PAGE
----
Women and Sport: The Ultimate Oxymoron


On Sunday 31st of July, England’s female international football team played against Germany in the final of the European Championship, winning with a decisive 2-1 score, thus ending the drought, and finally bringing it [an international trophy]home to England for the first time since 1966.

Throughout, the Lionesses’ victory was spotlighted by the media as an event that was to change the stigma and discrimination felt by females in male-dominated areas of sport. Their win was heralded as an inspiration for all young girls watching, a bright shining invitation for future generations of girls to break the mould.

Indeed, their triumph was remarkable, and so I in no way want to diminish their success within my article, but was it really a triumph for females in sport, generally speaking?

In short, no.

When I was in high school – granted that was five years ago now – girls were segregated from boys when it came to the curriculum for physical education. While boys relished the hours in their football and rugby kits, girls were forced to put on their dance shorts and participate in less ‘high-intensity’ activities. While I am sure that the Lionesses victory has laid the foundations for an increased number of grassroot opportunities in the future, with 56% of high schools offering the same gender-biased sporting opportunities as it did five years ago, the mindset that women are unequal to men is still perpetuated, and is thus unchanged by a singular international trophy held high by women.

What truly inspired me to write this article, however, is the stigma continually attached to female supporters of male-dominated sports. Having watched Netflix’s hit-series Drive To Survive, I found myself becoming increasingly drawn to Formula One; a sport that I had always previously disregarded for being too boisterous. The show disproved the way I originally perceived the sport, and suddenly, I found myself spending my Sunday afternoons watching twenty racing cars battling it out on the track for championship points; shouting at teams for dodgy tyre strategy – sorry Ferrari fans – and relishing at the chaos inflicted on track each weekend.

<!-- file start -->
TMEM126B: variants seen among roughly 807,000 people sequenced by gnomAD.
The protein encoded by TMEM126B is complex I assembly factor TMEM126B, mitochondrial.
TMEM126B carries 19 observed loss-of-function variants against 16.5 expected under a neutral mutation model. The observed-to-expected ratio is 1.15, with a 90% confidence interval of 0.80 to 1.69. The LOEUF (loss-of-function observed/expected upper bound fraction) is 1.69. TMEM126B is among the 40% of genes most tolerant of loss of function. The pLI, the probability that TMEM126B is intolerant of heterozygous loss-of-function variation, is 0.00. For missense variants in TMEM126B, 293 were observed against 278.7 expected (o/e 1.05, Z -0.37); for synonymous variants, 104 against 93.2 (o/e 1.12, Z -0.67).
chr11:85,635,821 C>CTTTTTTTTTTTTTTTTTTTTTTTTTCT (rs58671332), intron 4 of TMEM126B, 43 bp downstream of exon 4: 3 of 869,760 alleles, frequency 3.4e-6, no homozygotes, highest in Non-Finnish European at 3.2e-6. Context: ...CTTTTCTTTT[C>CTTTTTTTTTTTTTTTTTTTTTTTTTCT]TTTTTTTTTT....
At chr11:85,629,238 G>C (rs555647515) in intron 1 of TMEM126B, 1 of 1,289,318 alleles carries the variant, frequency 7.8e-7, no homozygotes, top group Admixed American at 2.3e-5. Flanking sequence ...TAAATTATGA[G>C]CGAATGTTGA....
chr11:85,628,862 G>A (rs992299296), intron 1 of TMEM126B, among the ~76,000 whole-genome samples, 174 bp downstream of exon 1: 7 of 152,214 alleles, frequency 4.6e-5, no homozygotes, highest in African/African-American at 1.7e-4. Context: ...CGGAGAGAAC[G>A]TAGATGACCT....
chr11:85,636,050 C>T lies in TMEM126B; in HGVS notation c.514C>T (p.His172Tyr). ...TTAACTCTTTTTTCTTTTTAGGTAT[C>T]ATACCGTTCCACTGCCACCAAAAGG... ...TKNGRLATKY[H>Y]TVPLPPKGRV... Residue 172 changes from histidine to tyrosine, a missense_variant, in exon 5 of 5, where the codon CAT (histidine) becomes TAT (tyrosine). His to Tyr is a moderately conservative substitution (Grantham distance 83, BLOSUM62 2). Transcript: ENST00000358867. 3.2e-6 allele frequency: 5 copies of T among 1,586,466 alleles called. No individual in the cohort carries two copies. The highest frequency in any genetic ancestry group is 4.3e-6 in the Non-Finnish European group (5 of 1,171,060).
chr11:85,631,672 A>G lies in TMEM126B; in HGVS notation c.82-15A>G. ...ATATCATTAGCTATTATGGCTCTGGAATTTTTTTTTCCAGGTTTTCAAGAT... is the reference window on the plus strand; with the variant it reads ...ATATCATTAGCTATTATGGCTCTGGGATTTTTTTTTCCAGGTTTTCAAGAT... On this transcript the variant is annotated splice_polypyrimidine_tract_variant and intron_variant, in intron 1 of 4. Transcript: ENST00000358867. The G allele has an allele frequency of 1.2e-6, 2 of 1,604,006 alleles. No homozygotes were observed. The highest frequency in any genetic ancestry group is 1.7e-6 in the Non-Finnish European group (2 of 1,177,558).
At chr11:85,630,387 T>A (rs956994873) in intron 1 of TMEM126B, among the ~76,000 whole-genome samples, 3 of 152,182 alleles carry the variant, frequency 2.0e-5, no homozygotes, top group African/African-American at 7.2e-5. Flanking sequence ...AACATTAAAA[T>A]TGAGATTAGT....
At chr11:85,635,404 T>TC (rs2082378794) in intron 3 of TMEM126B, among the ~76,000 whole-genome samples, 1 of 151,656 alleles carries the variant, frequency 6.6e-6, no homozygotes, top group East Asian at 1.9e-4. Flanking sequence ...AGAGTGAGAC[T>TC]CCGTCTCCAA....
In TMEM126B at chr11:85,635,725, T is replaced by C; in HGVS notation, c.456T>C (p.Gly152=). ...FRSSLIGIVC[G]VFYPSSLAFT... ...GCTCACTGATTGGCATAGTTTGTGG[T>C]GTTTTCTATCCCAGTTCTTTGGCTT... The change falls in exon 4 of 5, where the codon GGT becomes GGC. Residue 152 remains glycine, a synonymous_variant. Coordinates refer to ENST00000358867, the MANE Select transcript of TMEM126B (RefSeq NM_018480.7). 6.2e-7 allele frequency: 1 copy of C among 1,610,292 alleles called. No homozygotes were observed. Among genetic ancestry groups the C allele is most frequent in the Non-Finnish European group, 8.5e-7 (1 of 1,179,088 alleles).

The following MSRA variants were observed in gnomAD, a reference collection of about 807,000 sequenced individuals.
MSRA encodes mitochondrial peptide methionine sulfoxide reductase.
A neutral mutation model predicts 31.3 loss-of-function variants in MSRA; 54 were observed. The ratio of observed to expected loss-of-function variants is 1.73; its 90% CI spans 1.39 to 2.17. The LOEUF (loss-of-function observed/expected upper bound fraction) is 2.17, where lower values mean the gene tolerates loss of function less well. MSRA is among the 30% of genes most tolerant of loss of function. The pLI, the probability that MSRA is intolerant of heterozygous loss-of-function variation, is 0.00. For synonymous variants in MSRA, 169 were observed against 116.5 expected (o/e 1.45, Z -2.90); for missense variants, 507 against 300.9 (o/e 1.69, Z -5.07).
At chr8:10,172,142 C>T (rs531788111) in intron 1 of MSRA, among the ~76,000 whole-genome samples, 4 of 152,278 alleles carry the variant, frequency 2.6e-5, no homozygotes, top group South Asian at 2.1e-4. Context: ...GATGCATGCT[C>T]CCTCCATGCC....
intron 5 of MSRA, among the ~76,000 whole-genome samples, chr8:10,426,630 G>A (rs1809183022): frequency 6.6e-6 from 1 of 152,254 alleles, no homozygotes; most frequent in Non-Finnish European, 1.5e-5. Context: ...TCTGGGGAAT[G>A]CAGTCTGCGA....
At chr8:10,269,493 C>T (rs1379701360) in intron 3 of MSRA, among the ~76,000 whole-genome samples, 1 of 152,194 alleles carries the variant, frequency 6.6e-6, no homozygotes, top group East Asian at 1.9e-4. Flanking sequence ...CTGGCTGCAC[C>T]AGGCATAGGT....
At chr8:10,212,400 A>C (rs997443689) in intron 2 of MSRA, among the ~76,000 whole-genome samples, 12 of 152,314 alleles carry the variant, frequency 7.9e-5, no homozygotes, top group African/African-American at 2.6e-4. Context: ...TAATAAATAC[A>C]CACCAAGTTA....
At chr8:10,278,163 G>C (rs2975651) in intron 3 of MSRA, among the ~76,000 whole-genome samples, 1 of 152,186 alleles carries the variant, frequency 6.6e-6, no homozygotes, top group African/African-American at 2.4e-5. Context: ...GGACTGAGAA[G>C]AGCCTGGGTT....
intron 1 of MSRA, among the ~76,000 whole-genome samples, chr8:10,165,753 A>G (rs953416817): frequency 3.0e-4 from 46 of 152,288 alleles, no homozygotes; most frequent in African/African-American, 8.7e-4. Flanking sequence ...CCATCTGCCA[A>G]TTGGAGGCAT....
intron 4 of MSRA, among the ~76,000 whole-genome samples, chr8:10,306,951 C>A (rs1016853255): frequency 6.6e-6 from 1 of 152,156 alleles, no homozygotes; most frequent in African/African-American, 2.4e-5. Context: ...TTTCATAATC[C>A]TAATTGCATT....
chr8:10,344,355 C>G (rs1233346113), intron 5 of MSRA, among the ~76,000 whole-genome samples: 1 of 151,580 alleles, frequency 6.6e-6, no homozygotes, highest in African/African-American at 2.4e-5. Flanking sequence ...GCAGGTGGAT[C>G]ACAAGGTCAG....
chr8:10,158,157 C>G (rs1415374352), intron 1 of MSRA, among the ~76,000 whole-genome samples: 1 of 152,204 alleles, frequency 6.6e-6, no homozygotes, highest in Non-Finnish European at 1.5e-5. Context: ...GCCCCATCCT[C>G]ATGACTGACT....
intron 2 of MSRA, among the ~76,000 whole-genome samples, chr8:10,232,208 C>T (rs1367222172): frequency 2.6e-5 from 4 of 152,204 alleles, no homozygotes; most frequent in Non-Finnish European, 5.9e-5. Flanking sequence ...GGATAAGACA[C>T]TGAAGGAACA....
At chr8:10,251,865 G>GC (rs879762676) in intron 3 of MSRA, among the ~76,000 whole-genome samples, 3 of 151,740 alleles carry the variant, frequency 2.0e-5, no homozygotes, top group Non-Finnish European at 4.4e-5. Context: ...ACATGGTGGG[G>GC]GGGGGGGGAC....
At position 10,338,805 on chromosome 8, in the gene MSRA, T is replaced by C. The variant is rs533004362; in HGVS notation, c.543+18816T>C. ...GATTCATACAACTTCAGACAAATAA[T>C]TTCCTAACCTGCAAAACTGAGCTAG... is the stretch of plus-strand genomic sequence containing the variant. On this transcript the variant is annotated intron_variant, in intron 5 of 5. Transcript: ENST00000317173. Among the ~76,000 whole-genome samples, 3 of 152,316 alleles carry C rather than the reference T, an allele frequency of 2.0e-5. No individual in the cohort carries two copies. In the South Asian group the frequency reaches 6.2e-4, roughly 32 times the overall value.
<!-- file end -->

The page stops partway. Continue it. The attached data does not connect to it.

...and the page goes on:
I started conversing with friends, and fellow supporters, about the latest twists and turns of the season. While some matched and encouraged my enthusiasm for the sport, others jeered at the way I had gotten into it, branding me a ‘fake fan’ simply because I had not been consuming it since birth like they had done. I was met with comments consistently mocking the rationale behind why I chose to watch Formula One, with the assumption that I am only watching for the ‘good-looking drivers’, and was even told that I was less of a fan because I did not yet understand all of the technical terms.

From the get-go I have always had the feeling that I need to prove myself when it comes to sport, constantly defending the reasoning behind everything I say – and why? Simply because I am a woman choosing to spectate a sport labelled as ‘male’. Are you telling me that a male fan, having gotten into supporting the sport in the same way, would be just as negatively treated? Of course not.

The same set of attitudes can too be applied to when I first started watched football at twelve, and more recently, when I was introduced to rugby, and started asking questions to help better my knowledge of the rules. The examples I could provide are limitless.

Ultimately, it is one thing to have an equal number of opportunities to get inspired by someone or something, but it is another thing altogether to then remain on equal footing within the male-dominated realm of sport, with societal attitudes seemingly still geared towards prejudicing women in this regard. Therefore, while I am overjoyed that the Lionesses have been able to show women in sport as capable, and thus present a platform to inspire further change, I feel it is unrealistic to expect a singular tournament victory to change the perception of women in sport full-stop, irrespective of how historic that victory was.

It is not easy to actively break the mould and try to fit into a crowd that you’re destined by society not to fit into. It is, however, an important and necessary step, if we are to keep pushing the boundaries, and if we are ever truly to withhold gender equality within society moving forward.


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